Just hours away from the draft, the number of potential paths for the Cowboys seems endless. Sitting at No. 18, it’s difficult to project even the Cowboys’ first pick because this draft could unfold in so many different ways. I really believe Dallas will be targeting one of the two elite guards in this class, but I think the odds of one of them being available are just 50/50.
For the sake of this mock draft, I’m going to assume that both Chance Warmack and Jonathan Cooper are off of the board when the Cowboys are on the clock. I’m also going to assume that offensive tackle D.J. Fluker is gone, which seems like a legitimate possibility at this point.
Note that this mock draft is my best guess of what the Cowboys will do with their picks, not what I personally would do.
Round 1: Sylvester Williams, DT, UNC
With Kenny Vaccaro still on the board, I think the Cowboys will realize the safety position is so deep that drafting Vaccaro won’t maximize overall value. If that’s the case, Williams might be a major consideration. From my Williams scouting report:
Williams is a big, powerful defensive tackle who nonetheless can move with speed. He’s extremely quick off of the ball—consistently the first person off of the snap at UNC—despite his 6-3, 313-pound frame. Like Purdue’s Kawann Short, Williams is one of the few defensive tackles in this draft that I see being scheme versatile. He’s strong enough to hold up at the point, but he’s fast enough to penetrate as a one-gap defensive tackle. He was used as the latter sort of defensive tackle at UNC.
As a pass rusher, Williams parlays his quickness and strength into an excellent bull rush. When he gets a jump on the ball, he can quickly drive interior linemen into the backfield. He combines his bull rush with an outstanding swim move—probably the best in this draft class. Williams also has great play recognition; I saw about a half-dozen screens thrown against him and he wasn’t fooled by one.
Williams can play both defensive tackle positions and would eventually take over for one of the Cowboys’ two aging interior defensive linemen.
Round 2: Justin Pugh, G, Syracuse
I’m not very high on Pugh, but a lot of teams think he has guard/tackle versatility. The Cowboys have visited with Pugh.
Pugh is one of those “what if?” players, but we probably won’t get to uncover the answer to the question “what if Pugh stayed at offensive tackle in the NFL?” The reason is that, although he has 6-5 height, Pugh’s arms measure only 32 inches. That’s a death sentence for an offensive tackle in the NFL; arm length is strongly correlated with success because tackles need to be able to fend off tall defensive ends.
You can already see signs of Pugh’s potential struggles when you watch tape of him at Syracuse. While he generally did an admirable job in pass protection, he can be neutralized if a longer defender gets his hands into Pugh’s chest. At the next level, Pugh will face the best of the best—defensive ends and linebackers who all know how to use their length to control offensive tackles with short arms. On top of that, Pugh struggled at the Senior Bowl when he lined up outside.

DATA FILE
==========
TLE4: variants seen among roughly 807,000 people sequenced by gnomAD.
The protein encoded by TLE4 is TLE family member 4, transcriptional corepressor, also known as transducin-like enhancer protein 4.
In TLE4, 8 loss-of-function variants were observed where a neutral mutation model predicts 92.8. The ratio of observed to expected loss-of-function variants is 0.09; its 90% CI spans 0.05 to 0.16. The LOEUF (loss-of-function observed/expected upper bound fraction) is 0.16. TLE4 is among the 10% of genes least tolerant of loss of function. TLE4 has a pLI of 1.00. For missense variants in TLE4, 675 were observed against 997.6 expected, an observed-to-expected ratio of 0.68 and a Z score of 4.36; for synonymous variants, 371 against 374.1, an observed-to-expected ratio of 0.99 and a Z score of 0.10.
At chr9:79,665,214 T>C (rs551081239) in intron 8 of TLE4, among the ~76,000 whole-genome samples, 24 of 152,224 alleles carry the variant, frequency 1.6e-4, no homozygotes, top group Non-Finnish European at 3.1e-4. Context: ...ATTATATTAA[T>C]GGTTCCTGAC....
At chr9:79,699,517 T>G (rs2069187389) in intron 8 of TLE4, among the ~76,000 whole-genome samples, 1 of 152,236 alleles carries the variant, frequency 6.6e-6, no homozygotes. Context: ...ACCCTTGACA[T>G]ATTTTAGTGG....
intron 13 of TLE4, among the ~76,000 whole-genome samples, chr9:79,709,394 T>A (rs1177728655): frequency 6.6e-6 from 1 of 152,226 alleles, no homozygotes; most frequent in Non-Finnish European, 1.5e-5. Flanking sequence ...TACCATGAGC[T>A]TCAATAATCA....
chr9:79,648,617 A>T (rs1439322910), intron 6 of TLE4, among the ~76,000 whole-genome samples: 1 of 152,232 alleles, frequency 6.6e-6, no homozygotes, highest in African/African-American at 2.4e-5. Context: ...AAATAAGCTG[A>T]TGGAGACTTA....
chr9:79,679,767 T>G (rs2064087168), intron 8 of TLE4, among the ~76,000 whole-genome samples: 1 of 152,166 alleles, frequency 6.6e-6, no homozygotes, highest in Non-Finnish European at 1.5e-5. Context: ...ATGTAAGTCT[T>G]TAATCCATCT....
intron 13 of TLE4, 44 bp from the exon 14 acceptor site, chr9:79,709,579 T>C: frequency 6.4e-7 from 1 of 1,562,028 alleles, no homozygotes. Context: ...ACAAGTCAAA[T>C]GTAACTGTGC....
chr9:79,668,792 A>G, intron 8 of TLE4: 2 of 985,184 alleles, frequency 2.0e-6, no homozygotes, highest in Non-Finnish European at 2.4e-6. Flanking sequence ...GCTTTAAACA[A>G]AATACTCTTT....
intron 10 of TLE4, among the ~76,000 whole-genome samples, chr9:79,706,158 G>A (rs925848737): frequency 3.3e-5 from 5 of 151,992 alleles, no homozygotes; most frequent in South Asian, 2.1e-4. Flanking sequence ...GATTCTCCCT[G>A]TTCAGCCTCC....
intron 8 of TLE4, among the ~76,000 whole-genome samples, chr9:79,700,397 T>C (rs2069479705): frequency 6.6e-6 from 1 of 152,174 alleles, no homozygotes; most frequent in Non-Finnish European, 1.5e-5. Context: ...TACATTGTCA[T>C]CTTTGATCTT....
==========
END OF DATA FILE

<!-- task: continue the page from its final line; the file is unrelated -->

Pugh would be a starting guard right off the bat.
Round 3: JJ Wilcox, S, Georgia Southern
As far as mid-round picks go, I think Wilcox is by far the most likely to come to Dallas. He’s a favorite of mine and the ‘Boys have shown a lot of interest.
Wilcox has excellent size at 6-0, 213 pounds. He turned in a solid 40 time at 4.51 and a remarkable 4.09 short shuttle, showing why he was used at receiver for three seasons. As you’d expect, Wilcox is an outstanding athlete; he moves fluidly and shows excellent lateral quickness. Despite little experience at safety, Wilcox is a good tackler. He doesn’t wait for ball-carriers to reach him, but instead attacks the line and breaks down well in space.
Wilcox didn’t play much from a single-high position at Georgia Southern, but he got time there at the Senior Bowl. He performed surprisingly well, and his measurables suggest he should be able to play deep. He showed good ball skills at the Senior Bowl—and during his time on offense in college—so he has the ability to make big plays in the secondary.
Wilcox has a higher ceiling than Vaccaro at a fraction of the price.
Round 4: Marcus Lattimore, RB, South Carolina
I’m not a huge fan of Lattimore’s simply because I don’t think he was an elite running back even before he got injured. It’s difficult to say whether or not the Cowboys will target Lattimore; on one hand, they’ve had some success finding value on injured players, but on the other hand, Lattimore’s injury was potentially career-threatening and he might not be able to play this year. I’d much prefer Vanderbilt’s Zac Stacy or Texas A&M’s Christine Michael, but I have a feeling that Lattimore will drop far enough to at least entice Dallas.
Round 5: Stansly Maponga, DE, TCU
Maponga is a pass-rusher in whom the Cowboys have shown interest. He’s undersized at only 6-2, but he has 34-inch arms. While others emphasize height, the Cowboys could potentially find value on a player who actually has the physical tools to excel in the NFL but will drop because of a perceived weakness that doesn’t actually affect production.
Round 6: Chris Gragg, TE, Arkansas
One of the things I like about the Cowboys’ draft strategy under Jason Garrett is that, even when searching for the “right kind of guys,” they’ve still been able to find athletes. Gragg is an extraordinary athlete; at 244 pounds, he ran a sub-4.50 40-yard dash. He’s the exact type of high-upside player that teams should target in the late rounds and a potential future replacement for Jason Witten.
Jonathan Bales is the founder of The DC Times. He writes for DallasCowboys.com and the New York Times. He's also the author of Fantasy Football for Smart People: How to Dominate Your Draft.